Frequent flyer diabetic, thin as a rail, sweats like a pig and pees her pants when she goes down. Seriously needs a wakeup call to better manage her disease. Her kids keep finding her passed out in her own pee. Protein and vegetables, every few hours. It's not that hard. Test your blood sugar. Take your insulin.

Hand caught in the machinery at the flour factory. Bloody bread, anyone?

Arm caught in the planer at the sawmill. Circumferential lacerations to the bone. Pieces of muscle falling out of his arm like hamburger onto the floor. Stoic. No complaints. Lots of pain. A surgeon managed to save his arm and he went back to work at the same sawmill several months later.

So many stories! I go back soon. The 17th of August is my first shift. I'll have some more stories to share once I return, I am sure of it [and there are hundreds more saved in my brain, and hundreds more I've forgotten, I'm sure!] Hooray for interesting jobs!










7 comments:

Tania Grim said...

WOW! Melissa. Your job sure is challenging. I can't even find words for this. Hugs. Ps can't wait to see you soon

Tonya said...

Ok, I couldn't even read that. How in the world do you do your job? Seriously? I felt like puking at a couple and panicking at a few others. And those were the ones I was brave enough to quickly glance at.

Deb said...

You may hate transfers, but I sure appreciated the ambulance people who took me to Women's (I was SO excited to see them, although I couldn't show it due to a massive migrane), I couldn't wait to get out of Langley and go somewhere where they could do something. And the guys who transfered Aria & I to Surrey were just great! It meant a lot to have such wonderful people taking care of us - the guys taking me to Women's even put on the siren for a few seconds just for fun! They were great - with great senses of humour, and I felt very well taken care of. Yes, to them it was probably the equivalent of carrying coffee, but it meant a lot to me to know that IF something did happen, they would actually know what to do. Of course, the fact nothing did just reiterates YOUR point, but know that even on those days, you are doing phenomenal work.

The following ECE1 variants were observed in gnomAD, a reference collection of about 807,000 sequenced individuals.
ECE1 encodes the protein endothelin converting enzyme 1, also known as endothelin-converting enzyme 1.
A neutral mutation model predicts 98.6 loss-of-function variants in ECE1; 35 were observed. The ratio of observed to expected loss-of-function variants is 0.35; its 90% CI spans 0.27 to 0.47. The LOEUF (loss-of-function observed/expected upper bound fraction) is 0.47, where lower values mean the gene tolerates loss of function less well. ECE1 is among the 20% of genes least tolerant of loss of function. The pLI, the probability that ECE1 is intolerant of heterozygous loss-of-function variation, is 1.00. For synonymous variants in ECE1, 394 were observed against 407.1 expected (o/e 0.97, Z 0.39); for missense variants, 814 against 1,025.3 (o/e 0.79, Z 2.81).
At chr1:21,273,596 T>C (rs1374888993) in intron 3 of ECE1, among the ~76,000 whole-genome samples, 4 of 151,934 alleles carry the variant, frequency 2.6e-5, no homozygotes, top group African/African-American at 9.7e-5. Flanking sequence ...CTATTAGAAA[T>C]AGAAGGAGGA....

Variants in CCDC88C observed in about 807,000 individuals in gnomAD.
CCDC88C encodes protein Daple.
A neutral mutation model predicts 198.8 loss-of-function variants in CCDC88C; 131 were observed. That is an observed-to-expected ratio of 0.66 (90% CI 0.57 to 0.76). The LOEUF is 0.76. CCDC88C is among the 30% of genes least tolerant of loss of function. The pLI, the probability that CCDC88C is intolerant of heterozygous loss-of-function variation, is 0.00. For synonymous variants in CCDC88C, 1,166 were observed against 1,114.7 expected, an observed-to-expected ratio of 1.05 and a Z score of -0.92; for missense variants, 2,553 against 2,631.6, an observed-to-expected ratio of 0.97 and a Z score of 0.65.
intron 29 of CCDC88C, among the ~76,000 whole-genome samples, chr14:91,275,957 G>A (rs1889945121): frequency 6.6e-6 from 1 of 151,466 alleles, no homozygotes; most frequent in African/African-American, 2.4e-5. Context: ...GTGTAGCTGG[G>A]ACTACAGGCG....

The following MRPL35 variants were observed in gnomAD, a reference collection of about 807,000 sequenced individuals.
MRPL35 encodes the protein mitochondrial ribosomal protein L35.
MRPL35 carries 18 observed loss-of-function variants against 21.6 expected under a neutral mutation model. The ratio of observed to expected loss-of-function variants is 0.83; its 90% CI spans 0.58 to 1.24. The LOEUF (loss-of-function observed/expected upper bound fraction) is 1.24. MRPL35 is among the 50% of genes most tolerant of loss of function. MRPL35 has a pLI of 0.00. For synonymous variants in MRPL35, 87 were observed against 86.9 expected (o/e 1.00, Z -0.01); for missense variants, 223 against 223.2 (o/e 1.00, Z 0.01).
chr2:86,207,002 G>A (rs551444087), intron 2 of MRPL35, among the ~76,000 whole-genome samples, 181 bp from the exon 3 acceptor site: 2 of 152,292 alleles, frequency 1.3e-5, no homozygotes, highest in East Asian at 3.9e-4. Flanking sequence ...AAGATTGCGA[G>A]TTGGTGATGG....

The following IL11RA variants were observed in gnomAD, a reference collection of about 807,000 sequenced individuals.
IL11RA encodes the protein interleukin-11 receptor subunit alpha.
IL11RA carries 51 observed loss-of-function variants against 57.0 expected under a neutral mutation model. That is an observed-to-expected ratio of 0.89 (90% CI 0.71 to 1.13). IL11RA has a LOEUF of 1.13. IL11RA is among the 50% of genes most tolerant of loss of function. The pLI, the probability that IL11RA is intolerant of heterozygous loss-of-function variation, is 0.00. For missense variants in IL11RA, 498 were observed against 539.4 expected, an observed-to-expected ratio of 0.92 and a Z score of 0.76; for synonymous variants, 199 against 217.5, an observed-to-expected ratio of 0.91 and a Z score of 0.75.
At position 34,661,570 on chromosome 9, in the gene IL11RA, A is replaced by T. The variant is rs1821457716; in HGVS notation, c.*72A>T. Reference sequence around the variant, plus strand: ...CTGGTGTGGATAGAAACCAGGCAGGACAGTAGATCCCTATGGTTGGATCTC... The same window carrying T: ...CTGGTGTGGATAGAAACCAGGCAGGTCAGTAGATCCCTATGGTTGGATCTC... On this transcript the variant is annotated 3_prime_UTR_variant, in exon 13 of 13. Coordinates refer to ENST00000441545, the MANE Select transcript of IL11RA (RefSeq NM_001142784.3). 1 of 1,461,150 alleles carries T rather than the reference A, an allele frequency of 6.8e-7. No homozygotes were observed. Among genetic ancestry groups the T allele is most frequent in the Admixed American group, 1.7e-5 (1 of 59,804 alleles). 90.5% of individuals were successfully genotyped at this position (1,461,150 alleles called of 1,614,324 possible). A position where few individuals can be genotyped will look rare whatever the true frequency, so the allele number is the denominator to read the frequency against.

Janet said...

Can I just say WHOA? Wow. That is quite the little job you have there. I could NEVER.NEVER.NEVER do that. EVER. I'm just sayin'.....:-) THANK YOU for doing that job. I can't even imagine.

PS- My mother is a brittle diabetic and has CRAZY wonky blood sugars. She is VERY concious of her health and eats exactly what she is supposed to. Yet she still has issues. Sometimes it runs a bit deeper....oh, and she does have Addison's disease too, which affects things. But I'm just saying that sometimes diabetics can't control everything.

Roboseyo said...

WOW! The most drama MY job ever features is a little staff room gossip, the ocassaional complaining student, or student who doesn't want to work hard, and the odd witty remark.

Thanks for sharing.

Dana said...

Ok, I was alternately fascinated and wishing I wasn't reading what I was reading. Hats off to you and your colleagues. I sort of want you to share more stories and sort of hope you won't. ;)

Asheya said...

Just a thought...if you find transfers boring, do you think you might find midwifery boring? According to the stats 90% of women have healthy births and can give birth naturally, with no interventions. This number may be higher for those who qualify for midwifery care in BC. In my opinion, the job of a good midwife is to do a lot of nothing, just hanging out with the woman, the equivalent of holding someone's hand in the ambulance, except in those rare cases when she needs to know how to intervene most effectively.

Probably working as a doula will help give you some good insight into whether the process of normal labour and birth itself is interesting enough for you. As a doula you could make yourself available for those with high risk cases, although you wouldn't be able to do that as a midwife. Anyway, just some thoughts!